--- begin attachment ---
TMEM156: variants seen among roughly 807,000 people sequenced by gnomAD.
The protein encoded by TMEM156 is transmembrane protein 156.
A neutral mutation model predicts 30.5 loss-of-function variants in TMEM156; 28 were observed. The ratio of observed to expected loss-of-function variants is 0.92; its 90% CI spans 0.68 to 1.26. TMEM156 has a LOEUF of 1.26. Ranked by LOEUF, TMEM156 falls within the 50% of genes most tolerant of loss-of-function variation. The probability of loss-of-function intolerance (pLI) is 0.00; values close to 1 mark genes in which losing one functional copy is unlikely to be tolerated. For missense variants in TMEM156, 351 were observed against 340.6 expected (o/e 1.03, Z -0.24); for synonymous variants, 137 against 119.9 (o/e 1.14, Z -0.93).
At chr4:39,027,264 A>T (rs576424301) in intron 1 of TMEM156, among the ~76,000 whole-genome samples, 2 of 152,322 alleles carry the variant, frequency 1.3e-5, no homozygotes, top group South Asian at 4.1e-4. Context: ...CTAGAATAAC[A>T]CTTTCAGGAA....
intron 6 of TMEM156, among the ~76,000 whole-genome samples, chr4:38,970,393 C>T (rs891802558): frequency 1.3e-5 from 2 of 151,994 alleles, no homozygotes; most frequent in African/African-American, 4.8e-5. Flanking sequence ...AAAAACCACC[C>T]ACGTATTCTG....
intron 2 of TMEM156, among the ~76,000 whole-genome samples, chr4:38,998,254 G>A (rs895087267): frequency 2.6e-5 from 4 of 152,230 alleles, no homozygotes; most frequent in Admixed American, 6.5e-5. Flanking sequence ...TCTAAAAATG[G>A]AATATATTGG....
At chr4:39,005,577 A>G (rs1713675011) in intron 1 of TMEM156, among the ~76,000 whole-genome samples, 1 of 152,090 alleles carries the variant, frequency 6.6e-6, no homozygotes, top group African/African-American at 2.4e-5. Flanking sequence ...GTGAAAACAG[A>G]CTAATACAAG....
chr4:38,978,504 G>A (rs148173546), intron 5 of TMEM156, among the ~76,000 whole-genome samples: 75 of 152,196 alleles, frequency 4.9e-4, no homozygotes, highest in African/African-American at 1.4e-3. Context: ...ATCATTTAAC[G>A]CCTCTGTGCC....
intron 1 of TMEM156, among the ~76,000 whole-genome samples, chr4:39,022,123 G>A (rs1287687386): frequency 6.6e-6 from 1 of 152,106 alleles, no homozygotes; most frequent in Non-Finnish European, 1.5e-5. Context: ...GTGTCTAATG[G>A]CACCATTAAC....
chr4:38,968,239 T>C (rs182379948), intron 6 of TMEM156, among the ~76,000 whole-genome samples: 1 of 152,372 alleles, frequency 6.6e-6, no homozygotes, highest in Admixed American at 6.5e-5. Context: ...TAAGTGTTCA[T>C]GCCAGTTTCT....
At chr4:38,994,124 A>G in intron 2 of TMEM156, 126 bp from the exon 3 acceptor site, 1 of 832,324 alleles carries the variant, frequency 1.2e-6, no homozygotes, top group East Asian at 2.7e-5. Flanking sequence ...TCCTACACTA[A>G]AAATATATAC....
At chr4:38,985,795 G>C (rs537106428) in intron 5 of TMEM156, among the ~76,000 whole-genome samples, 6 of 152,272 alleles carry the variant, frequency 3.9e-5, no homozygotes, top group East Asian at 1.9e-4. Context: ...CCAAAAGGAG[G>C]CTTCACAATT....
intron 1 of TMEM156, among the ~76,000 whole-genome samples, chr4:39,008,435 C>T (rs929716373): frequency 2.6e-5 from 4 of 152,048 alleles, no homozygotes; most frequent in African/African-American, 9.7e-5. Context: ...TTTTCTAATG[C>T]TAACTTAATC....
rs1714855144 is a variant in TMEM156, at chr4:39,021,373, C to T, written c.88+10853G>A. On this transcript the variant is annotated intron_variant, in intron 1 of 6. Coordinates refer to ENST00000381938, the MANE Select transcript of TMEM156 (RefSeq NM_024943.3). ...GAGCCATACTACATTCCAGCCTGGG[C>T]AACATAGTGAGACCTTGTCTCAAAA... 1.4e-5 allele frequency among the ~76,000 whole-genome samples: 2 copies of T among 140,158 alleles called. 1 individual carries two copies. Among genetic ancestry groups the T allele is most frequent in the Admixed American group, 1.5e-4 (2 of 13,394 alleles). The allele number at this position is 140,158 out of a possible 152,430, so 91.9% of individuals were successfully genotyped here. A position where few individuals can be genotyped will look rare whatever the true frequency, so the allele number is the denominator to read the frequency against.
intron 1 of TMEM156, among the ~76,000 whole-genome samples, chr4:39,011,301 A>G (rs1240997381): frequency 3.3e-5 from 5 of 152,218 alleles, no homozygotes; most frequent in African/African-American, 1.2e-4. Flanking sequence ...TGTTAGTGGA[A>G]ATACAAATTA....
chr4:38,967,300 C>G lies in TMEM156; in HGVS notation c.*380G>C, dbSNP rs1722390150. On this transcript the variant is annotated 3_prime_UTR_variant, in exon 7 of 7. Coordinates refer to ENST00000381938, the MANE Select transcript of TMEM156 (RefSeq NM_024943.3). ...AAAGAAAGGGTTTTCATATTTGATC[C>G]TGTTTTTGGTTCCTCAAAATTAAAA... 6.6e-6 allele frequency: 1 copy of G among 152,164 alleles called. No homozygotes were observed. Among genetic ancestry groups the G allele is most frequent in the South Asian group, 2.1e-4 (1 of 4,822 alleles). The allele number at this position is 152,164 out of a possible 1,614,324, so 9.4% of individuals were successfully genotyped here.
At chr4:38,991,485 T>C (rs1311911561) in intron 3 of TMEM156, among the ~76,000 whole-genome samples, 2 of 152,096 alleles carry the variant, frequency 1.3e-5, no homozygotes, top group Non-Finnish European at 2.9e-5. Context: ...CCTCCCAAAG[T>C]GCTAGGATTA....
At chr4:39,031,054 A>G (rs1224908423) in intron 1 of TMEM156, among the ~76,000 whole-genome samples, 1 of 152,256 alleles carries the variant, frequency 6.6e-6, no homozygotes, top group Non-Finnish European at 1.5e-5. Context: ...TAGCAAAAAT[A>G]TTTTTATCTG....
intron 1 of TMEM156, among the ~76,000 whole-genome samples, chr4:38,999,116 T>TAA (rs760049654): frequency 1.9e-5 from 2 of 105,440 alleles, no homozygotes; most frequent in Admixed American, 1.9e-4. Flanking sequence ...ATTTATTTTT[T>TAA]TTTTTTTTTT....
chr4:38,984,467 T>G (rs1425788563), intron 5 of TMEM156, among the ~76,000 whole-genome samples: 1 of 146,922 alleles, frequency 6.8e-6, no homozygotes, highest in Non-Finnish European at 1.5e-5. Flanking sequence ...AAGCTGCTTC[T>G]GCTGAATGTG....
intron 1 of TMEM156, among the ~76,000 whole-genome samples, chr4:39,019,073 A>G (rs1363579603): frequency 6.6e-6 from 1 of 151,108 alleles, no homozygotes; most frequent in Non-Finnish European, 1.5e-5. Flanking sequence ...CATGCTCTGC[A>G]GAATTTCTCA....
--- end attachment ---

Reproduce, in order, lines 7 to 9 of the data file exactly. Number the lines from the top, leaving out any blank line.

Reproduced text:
At chr4:39,005,577 A>G (rs1713675011) in intron 1 of TMEM156, among the ~76,000 whole-genome samples, 1 of 152,090 alleles carries the variant, frequency 6.6e-6, no homozygotes, top group African/African-American at 2.4e-5. Flanking sequence ...GTGAAAACAG[A>G]CTAATACAAG....
chr4:38,978,504 G>A (rs148173546), intron 5 of TMEM156, among the ~76,000 whole-genome samples: 75 of 152,196 alleles, frequency 4.9e-4, no homozygotes, highest in African/African-American at 1.4e-3. Context: ...ATCATTTAAC[G>A]CCTCTGTGCC....
intron 1 of TMEM156, among the ~76,000 whole-genome samples, chr4:39,022,123 G>A (rs1287687386): frequency 6.6e-6 from 1 of 152,106 alleles, no homozygotes; most frequent in Non-Finnish European, 1.5e-5. Context: ...GTGTCTAATG[G>A]CACCATTAAC....